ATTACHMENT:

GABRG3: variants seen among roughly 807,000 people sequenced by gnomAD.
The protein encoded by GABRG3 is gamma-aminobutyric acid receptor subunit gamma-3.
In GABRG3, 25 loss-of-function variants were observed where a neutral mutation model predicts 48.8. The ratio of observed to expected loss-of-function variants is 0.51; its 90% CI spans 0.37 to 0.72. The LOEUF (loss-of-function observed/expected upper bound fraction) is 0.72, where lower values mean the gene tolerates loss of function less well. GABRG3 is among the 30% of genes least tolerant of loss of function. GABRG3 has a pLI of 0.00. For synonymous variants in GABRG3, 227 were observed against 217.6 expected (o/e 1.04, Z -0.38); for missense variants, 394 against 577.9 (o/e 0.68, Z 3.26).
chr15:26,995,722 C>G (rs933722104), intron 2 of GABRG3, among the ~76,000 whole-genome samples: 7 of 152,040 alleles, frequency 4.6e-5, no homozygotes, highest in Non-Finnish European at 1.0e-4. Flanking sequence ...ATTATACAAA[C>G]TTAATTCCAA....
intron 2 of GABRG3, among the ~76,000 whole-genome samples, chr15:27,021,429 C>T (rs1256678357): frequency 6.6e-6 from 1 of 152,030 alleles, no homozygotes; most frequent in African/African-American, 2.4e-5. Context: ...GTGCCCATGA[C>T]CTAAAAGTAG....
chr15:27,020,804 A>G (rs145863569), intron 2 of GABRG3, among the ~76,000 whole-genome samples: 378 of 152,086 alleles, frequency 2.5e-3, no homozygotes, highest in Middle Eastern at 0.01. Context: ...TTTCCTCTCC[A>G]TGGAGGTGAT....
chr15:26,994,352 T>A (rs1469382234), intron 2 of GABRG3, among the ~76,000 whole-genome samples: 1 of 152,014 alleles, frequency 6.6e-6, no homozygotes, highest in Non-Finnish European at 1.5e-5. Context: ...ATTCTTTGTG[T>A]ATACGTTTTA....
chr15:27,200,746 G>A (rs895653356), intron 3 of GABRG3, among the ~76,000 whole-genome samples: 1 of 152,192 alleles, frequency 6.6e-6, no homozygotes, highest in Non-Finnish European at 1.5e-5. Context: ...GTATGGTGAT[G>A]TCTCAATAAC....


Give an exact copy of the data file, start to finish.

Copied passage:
GABRG3: variants seen among roughly 807,000 people sequenced by gnomAD.
The protein encoded by GABRG3 is gamma-aminobutyric acid receptor subunit gamma-3.
In GABRG3, 25 loss-of-function variants were observed where a neutral mutation model predicts 48.8. The ratio of observed to expected loss-of-function variants is 0.51; its 90% CI spans 0.37 to 0.72. The LOEUF (loss-of-function observed/expected upper bound fraction) is 0.72, where lower values mean the gene tolerates loss of function less well. GABRG3 is among the 30% of genes least tolerant of loss of function. GABRG3 has a pLI of 0.00. For synonymous variants in GABRG3, 227 were observed against 217.6 expected (o/e 1.04, Z -0.38); for missense variants, 394 against 577.9 (o/e 0.68, Z 3.26).
chr15:26,995,722 C>G (rs933722104), intron 2 of GABRG3, among the ~76,000 whole-genome samples: 7 of 152,040 alleles, frequency 4.6e-5, no homozygotes, highest in Non-Finnish European at 1.0e-4. Flanking sequence ...ATTATACAAA[C>G]TTAATTCCAA....
intron 2 of GABRG3, among the ~76,000 whole-genome samples, chr15:27,021,429 C>T (rs1256678357): frequency 6.6e-6 from 1 of 152,030 alleles, no homozygotes; most frequent in African/African-American, 2.4e-5. Context: ...GTGCCCATGA[C>T]CTAAAAGTAG....
chr15:27,020,804 A>G (rs145863569), intron 2 of GABRG3, among the ~76,000 whole-genome samples: 378 of 152,086 alleles, frequency 2.5e-3, no homozygotes, highest in Middle Eastern at 0.01. Context: ...TTTCCTCTCC[A>G]TGGAGGTGAT....
chr15:26,994,352 T>A (rs1469382234), intron 2 of GABRG3, among the ~76,000 whole-genome samples: 1 of 152,014 alleles, frequency 6.6e-6, no homozygotes, highest in Non-Finnish European at 1.5e-5. Context: ...ATTCTTTGTG[T>A]ATACGTTTTA....
chr15:27,200,746 G>A (rs895653356), intron 3 of GABRG3, among the ~76,000 whole-genome samples: 1 of 152,192 alleles, frequency 6.6e-6, no homozygotes, highest in Non-Finnish European at 1.5e-5. Context: ...GTATGGTGAT[G>A]TCTCAATAAC....